STMicro Rolls All-in-one Motion and Bone-conduction Sensor for Hearables

March 06, 2023 by Jake Hertz

With its new sensor IC, STMicroelectronics hopes to enable a new class of hearables for applications like true wireless stereo (TWS).

The audio segment ranks among the biggest fields of the consumer electronics industry. Within this, hearables—or wearable audio devices like earbuds and headsets—are amongst the most popular devices on the market.

However, achieving top performance and functionality out of a tiny, battery-powered hearable device can often be a significant design challenge. Today, STMicroelectronics (ST) released a new highly integrated sensor aimed at delivering a range of functionality to hearables for applications like true wireless stereo (TWS).

In this article, we’ll take a look at TWS, the need for monolithic integration in this context, and ST’s new sensor offering.


What is True Wireless Stereo?

In the world of hearables, one of the most sought-after use cases is that of TWS. At a high level, the idea behind TWS is that TWS-enabled devices transfer sound and data entirely through wireless connectivity.

Unlike traditional wireless offerings where both earbuds are connected together through a single wire, TWS offerings essentially treat each earbud as an individual device.


TWS can connect simultaneously or through a primary/secondary connection.

TWS can connect simultaneously or through a primary/secondary connection. Image used courtesy of Telink


In general, this can either be implemented by having a simultaneous connection between both earbuds and the source device or through a primary and secondary connection. In a simultaneous connection, the two earbuds do not connect with each other, but instead, receive the same signal directly from the source.

In a primary/secondary configuration, both earbuds are connected to one another. Here, a single primary earbud will interface with the source and then relay any information directly to the secondary as needed.

The primary advantage of a TWS system is that it requires no cabling at all, making the hearable experience less cumbersome, easier to use, and more convenient. 


The Need for Integration

One of the major challenges with the design of TWS hearables is being able to fit all of the desired functionality and performance. By nature, TWS hearables are standalone, battery-powered devices that are expected to be small, comfortable, and offer long battery lives.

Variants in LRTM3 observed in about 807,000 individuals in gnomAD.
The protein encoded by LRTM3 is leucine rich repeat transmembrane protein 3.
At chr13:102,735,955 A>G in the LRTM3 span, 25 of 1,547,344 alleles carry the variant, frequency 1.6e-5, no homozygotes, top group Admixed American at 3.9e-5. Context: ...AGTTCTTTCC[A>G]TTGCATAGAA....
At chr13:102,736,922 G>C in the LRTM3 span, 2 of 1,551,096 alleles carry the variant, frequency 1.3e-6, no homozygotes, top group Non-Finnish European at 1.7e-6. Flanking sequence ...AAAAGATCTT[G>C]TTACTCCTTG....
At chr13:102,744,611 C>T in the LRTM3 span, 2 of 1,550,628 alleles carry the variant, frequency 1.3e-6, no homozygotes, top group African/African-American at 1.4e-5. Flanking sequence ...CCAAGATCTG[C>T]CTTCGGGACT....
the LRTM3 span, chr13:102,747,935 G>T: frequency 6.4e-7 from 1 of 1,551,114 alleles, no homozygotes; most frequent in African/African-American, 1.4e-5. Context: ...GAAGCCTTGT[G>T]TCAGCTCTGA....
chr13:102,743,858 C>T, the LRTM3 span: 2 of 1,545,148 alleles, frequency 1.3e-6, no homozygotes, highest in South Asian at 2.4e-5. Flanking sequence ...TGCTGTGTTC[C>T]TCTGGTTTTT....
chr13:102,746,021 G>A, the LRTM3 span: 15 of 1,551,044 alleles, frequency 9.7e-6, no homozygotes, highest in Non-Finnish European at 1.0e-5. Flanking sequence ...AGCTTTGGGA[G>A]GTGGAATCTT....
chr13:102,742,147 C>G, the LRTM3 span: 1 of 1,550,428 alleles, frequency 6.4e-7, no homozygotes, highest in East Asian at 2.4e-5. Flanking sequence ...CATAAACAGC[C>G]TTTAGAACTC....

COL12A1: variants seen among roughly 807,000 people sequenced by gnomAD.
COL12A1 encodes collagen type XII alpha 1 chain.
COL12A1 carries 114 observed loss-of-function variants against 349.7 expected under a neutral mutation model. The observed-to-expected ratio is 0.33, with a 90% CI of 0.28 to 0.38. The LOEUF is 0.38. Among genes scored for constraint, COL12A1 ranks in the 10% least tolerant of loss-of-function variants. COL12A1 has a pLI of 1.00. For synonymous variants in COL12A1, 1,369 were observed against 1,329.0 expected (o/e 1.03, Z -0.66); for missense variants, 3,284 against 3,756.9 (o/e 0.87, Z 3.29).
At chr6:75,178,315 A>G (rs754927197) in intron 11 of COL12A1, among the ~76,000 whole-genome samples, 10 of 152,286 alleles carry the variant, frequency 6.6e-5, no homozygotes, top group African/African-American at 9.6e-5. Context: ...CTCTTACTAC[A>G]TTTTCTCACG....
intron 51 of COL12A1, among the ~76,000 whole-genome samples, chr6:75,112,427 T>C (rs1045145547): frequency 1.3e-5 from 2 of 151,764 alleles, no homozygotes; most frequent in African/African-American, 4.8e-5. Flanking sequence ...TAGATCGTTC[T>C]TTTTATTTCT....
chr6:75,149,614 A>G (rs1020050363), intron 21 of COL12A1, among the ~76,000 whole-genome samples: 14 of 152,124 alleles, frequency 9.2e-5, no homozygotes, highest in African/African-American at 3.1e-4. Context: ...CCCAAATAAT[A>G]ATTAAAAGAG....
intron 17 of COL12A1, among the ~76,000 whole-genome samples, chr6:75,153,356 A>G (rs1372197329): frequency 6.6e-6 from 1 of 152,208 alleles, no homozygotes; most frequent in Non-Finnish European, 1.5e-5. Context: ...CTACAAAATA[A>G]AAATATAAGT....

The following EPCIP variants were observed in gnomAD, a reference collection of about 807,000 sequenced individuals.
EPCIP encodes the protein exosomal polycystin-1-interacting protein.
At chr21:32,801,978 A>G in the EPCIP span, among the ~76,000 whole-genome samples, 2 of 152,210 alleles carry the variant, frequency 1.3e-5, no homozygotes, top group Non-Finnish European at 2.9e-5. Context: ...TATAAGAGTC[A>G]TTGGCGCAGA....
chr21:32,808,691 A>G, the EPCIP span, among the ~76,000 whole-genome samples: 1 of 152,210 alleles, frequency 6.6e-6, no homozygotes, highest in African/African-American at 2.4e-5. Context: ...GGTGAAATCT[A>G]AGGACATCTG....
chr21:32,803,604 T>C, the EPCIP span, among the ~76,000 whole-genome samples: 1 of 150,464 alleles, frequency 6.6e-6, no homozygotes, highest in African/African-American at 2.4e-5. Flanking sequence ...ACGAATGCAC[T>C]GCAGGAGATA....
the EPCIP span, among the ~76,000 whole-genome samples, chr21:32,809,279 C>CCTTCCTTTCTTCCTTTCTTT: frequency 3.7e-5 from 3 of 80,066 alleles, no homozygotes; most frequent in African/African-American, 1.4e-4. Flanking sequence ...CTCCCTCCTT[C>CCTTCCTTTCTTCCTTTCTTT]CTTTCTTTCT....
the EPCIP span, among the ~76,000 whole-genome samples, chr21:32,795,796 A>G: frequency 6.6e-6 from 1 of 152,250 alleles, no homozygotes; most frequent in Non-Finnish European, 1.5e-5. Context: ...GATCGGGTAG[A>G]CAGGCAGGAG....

At the same time, competitive TWS earbuds offer a wide array of functionality including Bluetooth connectivity and high audio quality along with features like active noise canceling, head tracking, battery charging, and more. Implementing all of this requires an array of dedicated circuit blocks, requiring significant amounts of area and power consumption.


A standard TWS hearable block diagram.

A standard TWS hearable block diagram. Image used courtesy of from STMicroelectronics (Click image to enlarge)


To balance the wide array of functionality required by TWS hearables with the demands for small size and long battery life, designers have turned to greater device integration. By offering single ICs that encompass multiple functions, such as DSP, Bluetooth, and battery management on the same chip, hearable designers can successfully achieve products that are low-power and small but still offer competitive features.


Sensor with IMU for Hearables

Feeding the needs of TWS hearables, today’s announcement from STMicroelectronics unveils its new highly-integrated sensor solution for hearables. The new product, the LSM6DSV16BX, is a system-in-package (SiP) solution that centers around an inertial measurement unit (IMU). 

Along with the IMU,  the device also integrates a 3-axis digital accelerometer as well as a 3-axis digital gyroscope, the acceleration and angular rate data from which can be processed to better perform head and motion tracking to deliver greater spatial audio experiences.

Importantly, this chip also features a vibration sensor which is to be applied to bone conduction applications, where vibrations of the wearer’s bone caused by audio can be detected and used in a feedback loop to improve the auditory experience.


Block diagram of the filters in the LSM6DSV16BX.

Block diagram of the filters in the LSM6DSV16BX. Image used courtesy of STMicroelectronics. (Click image to enlarge)


Other features integrated into the LSM6DSV16BX include dedicated features and data processing for motion processing like a finite state machine (FSM), sensor fusion low power (SFLP) block, adaptive self-configuration (ASC), and machine learning core (MLC). 

Importantly, the device is also low power and of a small form factor, with a high-performance power draw of 0.95 mA and a package size of 2.5 mm × 3.0 mm × 0.71 mm. More information is available in the LSM6DSV16BX datasheet.

With the combination of functionality, low power, and small form factor, STMicro believes their new device is perfectly suited for applications like TWS hearables.